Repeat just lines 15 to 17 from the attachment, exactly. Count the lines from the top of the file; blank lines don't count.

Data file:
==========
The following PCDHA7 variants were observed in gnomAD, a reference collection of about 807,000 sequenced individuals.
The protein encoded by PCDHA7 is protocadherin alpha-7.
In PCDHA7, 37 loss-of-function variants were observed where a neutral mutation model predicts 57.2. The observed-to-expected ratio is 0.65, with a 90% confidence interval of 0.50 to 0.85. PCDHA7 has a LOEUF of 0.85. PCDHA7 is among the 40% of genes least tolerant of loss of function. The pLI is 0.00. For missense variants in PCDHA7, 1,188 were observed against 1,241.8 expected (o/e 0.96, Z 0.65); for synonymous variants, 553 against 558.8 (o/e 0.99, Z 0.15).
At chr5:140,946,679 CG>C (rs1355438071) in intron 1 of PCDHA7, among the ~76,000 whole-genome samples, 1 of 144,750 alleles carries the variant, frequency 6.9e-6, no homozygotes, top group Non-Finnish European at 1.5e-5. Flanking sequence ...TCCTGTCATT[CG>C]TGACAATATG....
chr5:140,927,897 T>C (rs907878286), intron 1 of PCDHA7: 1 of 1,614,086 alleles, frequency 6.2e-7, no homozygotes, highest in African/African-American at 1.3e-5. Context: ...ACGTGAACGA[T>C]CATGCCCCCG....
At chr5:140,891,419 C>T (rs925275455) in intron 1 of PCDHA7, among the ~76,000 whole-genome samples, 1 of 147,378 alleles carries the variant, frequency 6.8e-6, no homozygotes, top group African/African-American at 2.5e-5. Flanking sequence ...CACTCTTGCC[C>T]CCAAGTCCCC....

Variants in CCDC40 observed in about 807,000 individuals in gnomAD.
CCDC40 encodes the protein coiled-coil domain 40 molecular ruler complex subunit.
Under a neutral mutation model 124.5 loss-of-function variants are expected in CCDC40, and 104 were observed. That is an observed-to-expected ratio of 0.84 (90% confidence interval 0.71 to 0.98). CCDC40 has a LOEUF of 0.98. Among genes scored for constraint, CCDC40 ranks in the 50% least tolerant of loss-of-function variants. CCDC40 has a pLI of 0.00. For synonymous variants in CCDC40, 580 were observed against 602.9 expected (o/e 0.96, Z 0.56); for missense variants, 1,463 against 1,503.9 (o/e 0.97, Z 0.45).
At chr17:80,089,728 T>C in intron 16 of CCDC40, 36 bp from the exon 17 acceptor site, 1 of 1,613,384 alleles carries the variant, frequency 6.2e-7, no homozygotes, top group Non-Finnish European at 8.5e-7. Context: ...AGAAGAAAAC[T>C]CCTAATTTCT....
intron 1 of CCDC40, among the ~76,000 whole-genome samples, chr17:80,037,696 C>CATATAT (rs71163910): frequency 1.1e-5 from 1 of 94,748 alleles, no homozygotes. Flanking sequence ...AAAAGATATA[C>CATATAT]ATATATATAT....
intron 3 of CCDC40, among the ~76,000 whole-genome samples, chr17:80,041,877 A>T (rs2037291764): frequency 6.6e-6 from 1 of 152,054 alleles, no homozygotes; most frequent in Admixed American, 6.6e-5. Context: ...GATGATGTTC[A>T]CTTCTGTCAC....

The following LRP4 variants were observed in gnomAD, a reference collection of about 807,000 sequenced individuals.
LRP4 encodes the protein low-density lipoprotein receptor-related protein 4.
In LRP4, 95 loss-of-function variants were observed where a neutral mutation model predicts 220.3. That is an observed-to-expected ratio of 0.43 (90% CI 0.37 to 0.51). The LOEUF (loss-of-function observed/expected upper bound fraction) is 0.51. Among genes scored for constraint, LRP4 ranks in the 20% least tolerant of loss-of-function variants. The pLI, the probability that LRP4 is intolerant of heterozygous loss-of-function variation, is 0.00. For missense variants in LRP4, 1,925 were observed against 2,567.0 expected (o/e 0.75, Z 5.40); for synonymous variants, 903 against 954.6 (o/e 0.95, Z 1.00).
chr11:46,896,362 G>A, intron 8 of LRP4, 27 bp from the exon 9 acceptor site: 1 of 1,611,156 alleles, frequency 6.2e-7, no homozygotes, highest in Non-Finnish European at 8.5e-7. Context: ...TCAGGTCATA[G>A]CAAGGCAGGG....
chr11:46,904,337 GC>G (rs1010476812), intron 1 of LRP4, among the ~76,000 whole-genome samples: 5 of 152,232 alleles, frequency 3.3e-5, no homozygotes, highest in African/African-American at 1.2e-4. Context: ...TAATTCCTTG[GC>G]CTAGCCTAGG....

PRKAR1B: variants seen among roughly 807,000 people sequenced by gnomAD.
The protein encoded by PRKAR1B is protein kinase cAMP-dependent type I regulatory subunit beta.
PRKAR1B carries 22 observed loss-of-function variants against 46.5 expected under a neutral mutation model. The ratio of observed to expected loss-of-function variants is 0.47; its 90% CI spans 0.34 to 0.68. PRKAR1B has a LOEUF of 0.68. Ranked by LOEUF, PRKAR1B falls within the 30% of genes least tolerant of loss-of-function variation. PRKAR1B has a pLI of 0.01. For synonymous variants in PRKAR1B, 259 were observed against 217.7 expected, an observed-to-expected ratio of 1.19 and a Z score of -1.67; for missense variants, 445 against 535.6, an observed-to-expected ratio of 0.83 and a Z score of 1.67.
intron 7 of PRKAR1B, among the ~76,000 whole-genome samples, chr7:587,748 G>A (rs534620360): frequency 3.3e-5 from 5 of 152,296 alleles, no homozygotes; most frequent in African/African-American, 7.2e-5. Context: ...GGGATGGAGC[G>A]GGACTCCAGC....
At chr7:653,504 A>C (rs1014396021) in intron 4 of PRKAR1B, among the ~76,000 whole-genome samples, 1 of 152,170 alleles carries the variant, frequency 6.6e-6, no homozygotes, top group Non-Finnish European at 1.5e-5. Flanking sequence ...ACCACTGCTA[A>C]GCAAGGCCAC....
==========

In LRP4, 95 loss-of-function variants were observed where a neutral mutation model predicts 220.3. That is an observed-to-expected ratio of 0.43 (90% CI 0.37 to 0.51). The LOEUF (loss-of-function observed/expected upper bound fraction) is 0.51. Among genes scored for constraint, LRP4 ranks in the 20% least tolerant of loss-of-function variants. The pLI, the probability that LRP4 is intolerant of heterozygous loss-of-function variation, is 0.00. For missense variants in LRP4, 1,925 were observed against 2,567.0 expected (o/e 0.75, Z 5.40); for synonymous variants, 903 against 954.6 (o/e 0.95, Z 1.00).
chr11:46,896,362 G>A, intron 8 of LRP4, 27 bp from the exon 9 acceptor site: 1 of 1,611,156 alleles, frequency 6.2e-7, no homozygotes, highest in Non-Finnish European at 8.5e-7. Context: ...TCAGGTCATA[G>A]CAAGGCAGGG....
chr11:46,904,337 GC>G (rs1010476812), intron 1 of LRP4, among the ~76,000 whole-genome samples: 5 of 152,232 alleles, frequency 3.3e-5, no homozygotes, highest in African/African-American at 1.2e-4. Context: ...TAATTCCTTG[GC>G]CTAGCCTAGG....